NORMAL — Fransen Nature Area is easy to overlook. It doesn’t have a parking lot, playground equipment or other amenities you find in highly developed parks.
What it does have is a field of wildflowers that is bursting with color right now, a fishing pond with colors of its own (more on that later), a gravel pathway and places to sit and contemplate nature.
Gene Kotlinski, assistant director of Normal’s Parks and Recreation Department, calls the park “a hidden gem.”
The 5.5-acre park at 721 E. Raab Road was dedicated in June 2003. It is named after Dr. Werner Fransen, whose family “dedicated the western 4 acres of the annexed tract to the town to be developed as a nature preserve featuring wetlands, indigenous natural plants, grasses, trees, flowers and shrubs,” according to the town’s website.
A lot of the town’s parks are groomed and mowed weekly and have athletic fields or playground equipment, noted Kotlinski.
“The niche this park fills is more of a natural park,” he said. “This is more of a natural area where you can experience some wildlife and native plantings.”
Stunning purple prairie blazing star were just starting to bloom this past week amid bright yellow black-eyed Susans. Purple coneflowers also were abundant. Several young bunnies quickly hopped in and out of the vegetation.
“It’s a great spot to see butterflies and other pollinators,” said Kotlinski.
Monarchs were enjoying the milkweed, and yellow swallowtail butterflies floated from coneflower to coneflower. There were bees and dragonflies, too.
It’s a popular spot for photographers, especially when the wildflowers are in bloom. But it’s also lovely in winter when there is snow clinging to the branches of the evergreens that surround the park.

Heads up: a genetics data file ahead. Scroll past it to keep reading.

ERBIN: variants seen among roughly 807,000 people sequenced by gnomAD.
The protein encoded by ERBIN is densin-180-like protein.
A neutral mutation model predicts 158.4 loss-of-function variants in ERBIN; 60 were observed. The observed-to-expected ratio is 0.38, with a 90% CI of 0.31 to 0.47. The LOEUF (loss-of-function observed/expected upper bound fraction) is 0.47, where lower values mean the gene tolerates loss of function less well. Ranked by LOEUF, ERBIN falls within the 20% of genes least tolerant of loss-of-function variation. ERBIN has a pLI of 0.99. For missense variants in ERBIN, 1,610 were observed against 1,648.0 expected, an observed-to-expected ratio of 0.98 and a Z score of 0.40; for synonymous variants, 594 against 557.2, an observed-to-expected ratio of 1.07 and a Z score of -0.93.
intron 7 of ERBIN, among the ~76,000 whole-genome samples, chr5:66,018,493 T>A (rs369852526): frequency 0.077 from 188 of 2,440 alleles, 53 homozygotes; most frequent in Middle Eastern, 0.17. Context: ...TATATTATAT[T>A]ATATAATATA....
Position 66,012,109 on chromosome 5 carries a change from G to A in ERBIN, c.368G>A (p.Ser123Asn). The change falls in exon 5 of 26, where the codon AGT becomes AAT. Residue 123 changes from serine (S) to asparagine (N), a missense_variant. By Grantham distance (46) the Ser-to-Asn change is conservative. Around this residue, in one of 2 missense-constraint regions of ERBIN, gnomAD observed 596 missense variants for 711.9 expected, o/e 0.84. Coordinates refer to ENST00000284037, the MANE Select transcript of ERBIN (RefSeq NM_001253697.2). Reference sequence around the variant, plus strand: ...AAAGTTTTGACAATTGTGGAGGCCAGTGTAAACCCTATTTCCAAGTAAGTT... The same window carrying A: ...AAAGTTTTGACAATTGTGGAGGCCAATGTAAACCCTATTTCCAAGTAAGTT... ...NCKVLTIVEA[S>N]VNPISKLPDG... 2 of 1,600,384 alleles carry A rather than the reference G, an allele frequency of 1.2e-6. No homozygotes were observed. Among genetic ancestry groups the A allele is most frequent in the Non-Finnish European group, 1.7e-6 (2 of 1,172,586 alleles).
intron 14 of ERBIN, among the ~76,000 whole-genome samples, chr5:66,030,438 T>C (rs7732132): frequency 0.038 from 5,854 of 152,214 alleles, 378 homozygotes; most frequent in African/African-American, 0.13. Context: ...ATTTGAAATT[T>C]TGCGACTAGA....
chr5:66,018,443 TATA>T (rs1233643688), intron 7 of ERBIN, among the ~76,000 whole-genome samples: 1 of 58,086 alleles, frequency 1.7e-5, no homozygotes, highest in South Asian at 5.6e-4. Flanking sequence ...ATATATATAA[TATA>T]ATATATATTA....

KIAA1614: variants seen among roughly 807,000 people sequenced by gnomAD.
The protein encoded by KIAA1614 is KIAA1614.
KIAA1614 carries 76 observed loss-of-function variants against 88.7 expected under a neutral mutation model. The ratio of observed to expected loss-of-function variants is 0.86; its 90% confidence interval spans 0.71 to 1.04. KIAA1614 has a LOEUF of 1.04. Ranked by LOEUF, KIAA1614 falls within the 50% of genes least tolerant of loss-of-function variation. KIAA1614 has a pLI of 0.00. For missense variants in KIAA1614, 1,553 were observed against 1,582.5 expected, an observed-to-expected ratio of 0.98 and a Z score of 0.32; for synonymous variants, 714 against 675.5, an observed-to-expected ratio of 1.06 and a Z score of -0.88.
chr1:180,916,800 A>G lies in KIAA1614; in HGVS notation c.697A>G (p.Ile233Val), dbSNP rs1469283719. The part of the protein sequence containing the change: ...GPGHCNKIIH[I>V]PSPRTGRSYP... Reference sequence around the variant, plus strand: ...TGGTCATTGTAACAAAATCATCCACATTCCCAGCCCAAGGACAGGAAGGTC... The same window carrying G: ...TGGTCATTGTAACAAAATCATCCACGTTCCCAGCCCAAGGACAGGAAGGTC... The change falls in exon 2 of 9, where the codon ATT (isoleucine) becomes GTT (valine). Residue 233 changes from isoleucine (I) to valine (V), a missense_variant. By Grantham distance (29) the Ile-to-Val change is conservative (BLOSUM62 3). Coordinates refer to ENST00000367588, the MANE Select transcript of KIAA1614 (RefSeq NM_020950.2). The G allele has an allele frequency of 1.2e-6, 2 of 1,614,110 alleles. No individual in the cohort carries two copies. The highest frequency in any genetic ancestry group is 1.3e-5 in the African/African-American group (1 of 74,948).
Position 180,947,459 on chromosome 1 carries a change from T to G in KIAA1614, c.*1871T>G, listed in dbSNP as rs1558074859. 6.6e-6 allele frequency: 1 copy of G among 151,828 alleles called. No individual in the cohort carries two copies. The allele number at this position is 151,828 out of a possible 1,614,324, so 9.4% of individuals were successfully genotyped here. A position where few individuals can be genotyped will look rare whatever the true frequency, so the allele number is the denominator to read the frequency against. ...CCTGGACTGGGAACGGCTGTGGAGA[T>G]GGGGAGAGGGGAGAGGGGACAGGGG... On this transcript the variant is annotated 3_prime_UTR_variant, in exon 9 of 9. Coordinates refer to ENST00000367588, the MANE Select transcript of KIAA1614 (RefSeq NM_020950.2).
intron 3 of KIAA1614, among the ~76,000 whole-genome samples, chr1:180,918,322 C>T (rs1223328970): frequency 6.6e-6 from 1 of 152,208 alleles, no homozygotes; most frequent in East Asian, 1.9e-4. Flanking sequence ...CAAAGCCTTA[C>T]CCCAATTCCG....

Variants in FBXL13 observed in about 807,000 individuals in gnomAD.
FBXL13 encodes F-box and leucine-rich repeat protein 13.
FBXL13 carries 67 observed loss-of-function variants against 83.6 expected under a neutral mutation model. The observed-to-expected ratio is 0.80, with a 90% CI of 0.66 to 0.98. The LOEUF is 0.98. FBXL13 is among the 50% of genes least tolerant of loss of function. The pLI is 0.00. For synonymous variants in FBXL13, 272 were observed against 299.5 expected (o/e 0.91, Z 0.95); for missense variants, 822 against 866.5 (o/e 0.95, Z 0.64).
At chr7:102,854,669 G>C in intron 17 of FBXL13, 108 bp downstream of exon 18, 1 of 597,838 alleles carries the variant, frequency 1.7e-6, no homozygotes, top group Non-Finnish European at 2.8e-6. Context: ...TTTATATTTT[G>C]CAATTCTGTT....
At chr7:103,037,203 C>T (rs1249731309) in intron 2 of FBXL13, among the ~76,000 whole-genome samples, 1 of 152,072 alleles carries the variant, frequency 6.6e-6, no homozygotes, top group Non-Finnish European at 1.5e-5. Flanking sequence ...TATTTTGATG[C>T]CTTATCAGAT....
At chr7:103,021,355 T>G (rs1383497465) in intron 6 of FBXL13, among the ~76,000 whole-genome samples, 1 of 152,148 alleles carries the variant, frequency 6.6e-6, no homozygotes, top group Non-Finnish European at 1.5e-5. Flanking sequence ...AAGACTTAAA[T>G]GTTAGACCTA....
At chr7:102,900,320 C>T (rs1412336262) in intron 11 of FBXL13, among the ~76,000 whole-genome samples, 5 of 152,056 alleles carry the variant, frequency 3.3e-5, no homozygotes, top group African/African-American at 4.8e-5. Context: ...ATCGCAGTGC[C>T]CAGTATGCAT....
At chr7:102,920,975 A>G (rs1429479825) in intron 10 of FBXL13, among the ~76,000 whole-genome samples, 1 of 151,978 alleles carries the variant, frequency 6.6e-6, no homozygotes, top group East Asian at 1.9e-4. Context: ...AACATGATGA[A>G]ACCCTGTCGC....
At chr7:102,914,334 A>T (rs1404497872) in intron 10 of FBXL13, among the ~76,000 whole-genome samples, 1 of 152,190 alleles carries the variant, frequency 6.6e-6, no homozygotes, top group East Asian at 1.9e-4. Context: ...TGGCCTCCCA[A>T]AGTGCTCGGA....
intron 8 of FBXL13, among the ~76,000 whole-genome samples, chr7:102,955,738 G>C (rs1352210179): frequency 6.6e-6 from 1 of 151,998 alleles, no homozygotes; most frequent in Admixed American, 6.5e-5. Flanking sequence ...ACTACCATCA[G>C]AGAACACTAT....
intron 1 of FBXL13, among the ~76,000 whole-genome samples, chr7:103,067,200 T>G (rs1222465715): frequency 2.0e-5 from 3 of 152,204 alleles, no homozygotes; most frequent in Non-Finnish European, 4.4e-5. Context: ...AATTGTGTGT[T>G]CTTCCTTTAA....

On the south end, there is an observation deck over a pond where fishing is allowed.
The first things you are likely to observe are flashes of orange below the surface of the water.
Someone — not the parks department — put koi in the pond and, much to the dismay of the town, the koi have flourished.
“We thought they would not live through the winter,” said Kotlinski.
Though not as visible, the pond was stocked with bass and bluegill last fall, he said, and the town hopes the bass grow large enough to help control the koi population.
The pond also is home to several turtles.
There is a small driveway where two carefully parked cars can fit, although backing out onto busy Raab Road can be a challenge.
A safer option would be to park at the Rosa Parks Commons — a traditional park with a playground, soccer fields and portable toilet — about a half mile to the west on Constitution Trail. If you are on foot, use the sidewalk on the south side of Raab Road to go to and from the park. By bicycle, you can ride on the road or use the wider path along the north side of Raab Road; just be very careful crossing the street.
Like many parents this time of year, Mark Phillips of Farmer City is trying to find ways to spend time with his son Cody before he returns for college. Last week, they braved a heat advisory on a golf course — a disc golf course — in Bloomington.